When it comes to your car insurance, two accidents for which you submit claims will usually always have some sort of affect on your policy. Your rates may increase, and in some cases, the insurance company may even refuse to renew your policy. So here is some information on car insurance after two accidents.
These days, most major car insurance companies offer some sort of accident forgiveness program. Companies like Allstate, AIG, Geico and Progressive all have some sort of program that forgives insured drivers participating in the program in the event of an at-fault accident.
The way the program works is pretty simple. If you are involved in an accident where you are found to be at fault, an accident forgiveness program will guarantee that rates are increased at only minimal amounts, and in some cases, not increased at all. This type of forgiveness is usually an add-on option for most policies offered by the companies that provide it.
However, even with an accident forgiveness program, a second at-fault accident will usually cause your insurance premiums to rise considerably. Nonetheless, accident forgiveness programs can help you avoid cancellations or an insurance company refusal to renew your policy. One of the most advantageous parts of an accident forgiveness program is that if you are involved in accidents where you are not at fault, the insurance companies do not penalize you in most cases.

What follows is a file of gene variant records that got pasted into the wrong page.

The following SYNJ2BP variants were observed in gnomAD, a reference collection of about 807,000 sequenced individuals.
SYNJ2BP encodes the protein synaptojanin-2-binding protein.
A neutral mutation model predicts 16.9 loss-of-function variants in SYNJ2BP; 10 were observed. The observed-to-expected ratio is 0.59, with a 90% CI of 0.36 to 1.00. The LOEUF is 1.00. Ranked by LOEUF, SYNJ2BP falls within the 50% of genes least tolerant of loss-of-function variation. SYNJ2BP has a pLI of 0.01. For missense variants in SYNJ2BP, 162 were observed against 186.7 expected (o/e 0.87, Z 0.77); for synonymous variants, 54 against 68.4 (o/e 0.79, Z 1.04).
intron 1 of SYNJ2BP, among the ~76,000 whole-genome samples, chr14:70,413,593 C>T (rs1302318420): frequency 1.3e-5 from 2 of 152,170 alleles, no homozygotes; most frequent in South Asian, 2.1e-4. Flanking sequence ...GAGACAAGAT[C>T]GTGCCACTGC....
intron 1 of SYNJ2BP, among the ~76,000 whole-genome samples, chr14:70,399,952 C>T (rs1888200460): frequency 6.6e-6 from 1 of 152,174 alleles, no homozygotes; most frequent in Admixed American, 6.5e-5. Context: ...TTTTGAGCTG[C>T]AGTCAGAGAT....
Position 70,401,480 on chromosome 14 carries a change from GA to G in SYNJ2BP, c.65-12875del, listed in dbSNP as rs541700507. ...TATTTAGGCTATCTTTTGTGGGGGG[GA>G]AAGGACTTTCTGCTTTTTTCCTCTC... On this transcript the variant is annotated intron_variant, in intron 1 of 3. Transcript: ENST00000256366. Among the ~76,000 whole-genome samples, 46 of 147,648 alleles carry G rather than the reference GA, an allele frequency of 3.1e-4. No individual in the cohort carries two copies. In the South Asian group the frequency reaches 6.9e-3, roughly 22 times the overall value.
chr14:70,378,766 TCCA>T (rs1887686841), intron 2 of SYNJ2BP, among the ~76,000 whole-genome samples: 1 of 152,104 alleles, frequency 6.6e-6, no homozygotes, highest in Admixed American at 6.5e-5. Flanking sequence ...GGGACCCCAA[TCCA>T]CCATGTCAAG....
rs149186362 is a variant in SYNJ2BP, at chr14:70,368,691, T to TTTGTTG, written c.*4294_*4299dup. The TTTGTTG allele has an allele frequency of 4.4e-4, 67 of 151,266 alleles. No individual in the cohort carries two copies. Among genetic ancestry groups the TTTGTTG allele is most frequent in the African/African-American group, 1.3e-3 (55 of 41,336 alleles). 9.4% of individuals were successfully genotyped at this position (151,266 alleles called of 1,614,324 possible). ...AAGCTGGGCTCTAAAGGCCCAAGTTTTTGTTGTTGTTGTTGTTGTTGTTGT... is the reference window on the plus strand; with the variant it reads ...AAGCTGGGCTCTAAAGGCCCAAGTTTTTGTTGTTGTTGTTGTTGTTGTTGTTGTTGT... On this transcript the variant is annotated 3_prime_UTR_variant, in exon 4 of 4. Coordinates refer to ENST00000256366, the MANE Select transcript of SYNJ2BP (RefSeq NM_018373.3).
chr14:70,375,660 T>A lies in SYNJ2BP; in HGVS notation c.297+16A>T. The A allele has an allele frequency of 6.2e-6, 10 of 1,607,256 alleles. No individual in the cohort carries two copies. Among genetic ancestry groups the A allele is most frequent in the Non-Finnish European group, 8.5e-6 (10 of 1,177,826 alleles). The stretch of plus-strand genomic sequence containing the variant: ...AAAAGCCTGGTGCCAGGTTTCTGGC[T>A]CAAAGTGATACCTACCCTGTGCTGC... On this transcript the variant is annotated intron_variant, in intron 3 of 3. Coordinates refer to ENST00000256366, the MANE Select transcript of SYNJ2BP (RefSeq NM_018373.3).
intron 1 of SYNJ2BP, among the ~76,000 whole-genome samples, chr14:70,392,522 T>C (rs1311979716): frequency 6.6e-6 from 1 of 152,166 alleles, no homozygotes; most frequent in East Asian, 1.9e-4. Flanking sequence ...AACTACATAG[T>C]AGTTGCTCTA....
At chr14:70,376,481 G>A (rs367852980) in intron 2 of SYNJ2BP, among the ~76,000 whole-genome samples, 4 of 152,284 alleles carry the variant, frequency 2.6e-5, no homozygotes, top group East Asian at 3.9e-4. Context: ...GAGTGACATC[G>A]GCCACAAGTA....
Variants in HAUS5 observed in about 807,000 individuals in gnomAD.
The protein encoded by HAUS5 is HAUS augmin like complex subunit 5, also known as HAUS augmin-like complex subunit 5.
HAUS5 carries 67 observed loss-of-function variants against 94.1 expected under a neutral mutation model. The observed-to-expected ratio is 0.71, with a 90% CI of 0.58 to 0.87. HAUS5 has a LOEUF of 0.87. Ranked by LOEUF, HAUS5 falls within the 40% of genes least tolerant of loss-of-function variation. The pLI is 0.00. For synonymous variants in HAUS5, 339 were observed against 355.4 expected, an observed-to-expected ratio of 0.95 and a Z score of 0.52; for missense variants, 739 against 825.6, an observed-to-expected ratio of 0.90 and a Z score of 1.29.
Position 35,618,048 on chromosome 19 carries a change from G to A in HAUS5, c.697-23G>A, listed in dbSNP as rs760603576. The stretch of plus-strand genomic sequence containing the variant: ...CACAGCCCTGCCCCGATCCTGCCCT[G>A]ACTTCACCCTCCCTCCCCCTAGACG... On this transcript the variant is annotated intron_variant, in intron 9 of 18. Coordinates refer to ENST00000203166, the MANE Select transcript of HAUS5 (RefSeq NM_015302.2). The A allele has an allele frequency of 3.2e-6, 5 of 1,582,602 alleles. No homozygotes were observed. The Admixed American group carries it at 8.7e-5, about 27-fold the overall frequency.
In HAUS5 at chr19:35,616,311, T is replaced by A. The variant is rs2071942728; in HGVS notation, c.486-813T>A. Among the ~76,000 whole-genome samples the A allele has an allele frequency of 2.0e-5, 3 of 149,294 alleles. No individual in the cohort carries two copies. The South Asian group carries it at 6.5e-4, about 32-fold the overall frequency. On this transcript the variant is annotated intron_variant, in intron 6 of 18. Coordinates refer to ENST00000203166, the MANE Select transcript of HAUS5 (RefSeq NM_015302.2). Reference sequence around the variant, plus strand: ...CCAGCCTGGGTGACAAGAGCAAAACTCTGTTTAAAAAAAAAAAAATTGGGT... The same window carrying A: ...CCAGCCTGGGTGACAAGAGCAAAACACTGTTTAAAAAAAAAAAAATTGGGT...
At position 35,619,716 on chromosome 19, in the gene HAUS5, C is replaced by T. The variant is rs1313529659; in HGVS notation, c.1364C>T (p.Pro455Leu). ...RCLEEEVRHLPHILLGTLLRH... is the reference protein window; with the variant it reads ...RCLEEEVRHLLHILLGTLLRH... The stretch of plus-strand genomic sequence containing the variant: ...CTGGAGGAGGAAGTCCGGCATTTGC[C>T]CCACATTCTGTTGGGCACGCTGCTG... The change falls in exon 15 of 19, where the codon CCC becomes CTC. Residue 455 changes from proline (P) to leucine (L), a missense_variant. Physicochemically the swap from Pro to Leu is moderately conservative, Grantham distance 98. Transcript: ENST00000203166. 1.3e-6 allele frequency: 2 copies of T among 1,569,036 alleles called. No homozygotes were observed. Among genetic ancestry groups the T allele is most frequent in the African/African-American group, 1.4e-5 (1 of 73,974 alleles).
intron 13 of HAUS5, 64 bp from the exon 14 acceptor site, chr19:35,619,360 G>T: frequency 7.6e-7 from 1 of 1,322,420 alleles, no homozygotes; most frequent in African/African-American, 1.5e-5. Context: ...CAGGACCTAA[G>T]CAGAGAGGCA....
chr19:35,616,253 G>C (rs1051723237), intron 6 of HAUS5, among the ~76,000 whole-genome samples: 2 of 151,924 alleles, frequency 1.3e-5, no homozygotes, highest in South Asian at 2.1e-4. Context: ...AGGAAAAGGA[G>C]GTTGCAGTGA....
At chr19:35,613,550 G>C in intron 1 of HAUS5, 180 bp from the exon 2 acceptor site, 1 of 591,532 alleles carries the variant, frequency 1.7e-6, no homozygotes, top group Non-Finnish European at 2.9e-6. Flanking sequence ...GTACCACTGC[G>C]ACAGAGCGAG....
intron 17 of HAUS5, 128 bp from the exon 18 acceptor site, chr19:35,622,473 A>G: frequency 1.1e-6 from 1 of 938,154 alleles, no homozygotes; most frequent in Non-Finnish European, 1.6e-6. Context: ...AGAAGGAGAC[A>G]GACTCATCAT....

Rates Can Increase Regardless of Fault
Unless you are enrolled in an accident forgiveness program with an auto insurance company, your coverage is subject to cancellation or rate increase any time a claim is made. Some insurance companies will choose to raise your rates simply if you make a claim and request payment under the terms of the coverage policy. For instance, some insurance companies will choose to raise rates after one accident - even if you were not at fault in the accident.
While there are some states that regulate this type of activity and even prohibit it, some states do not. In states where insurance companies are not heavily regulated, this type of punishment for filing claims is not uncommon. So, with less reputable insurance companies that are quick to cancel policies, you'll usually never have the chance to file two claims with the company.
It Does Not Last Forever
Fortunately, regardless of the number of accidents you have on your driving record - whether it be with the state Department of Motor Vehicles or with your insurance company - the accidents do not remain on your record forever. In most states, insurance companies are only allowed to penalize you for past accidents or driving violations that occurred within the last five years preceding the issuance of a car insurance policy.
So, if you can continue to drive safely for at least five years, the accidents should disappear from your driving record and you will be able to once again get preferred safe driver discounts on your car insurance.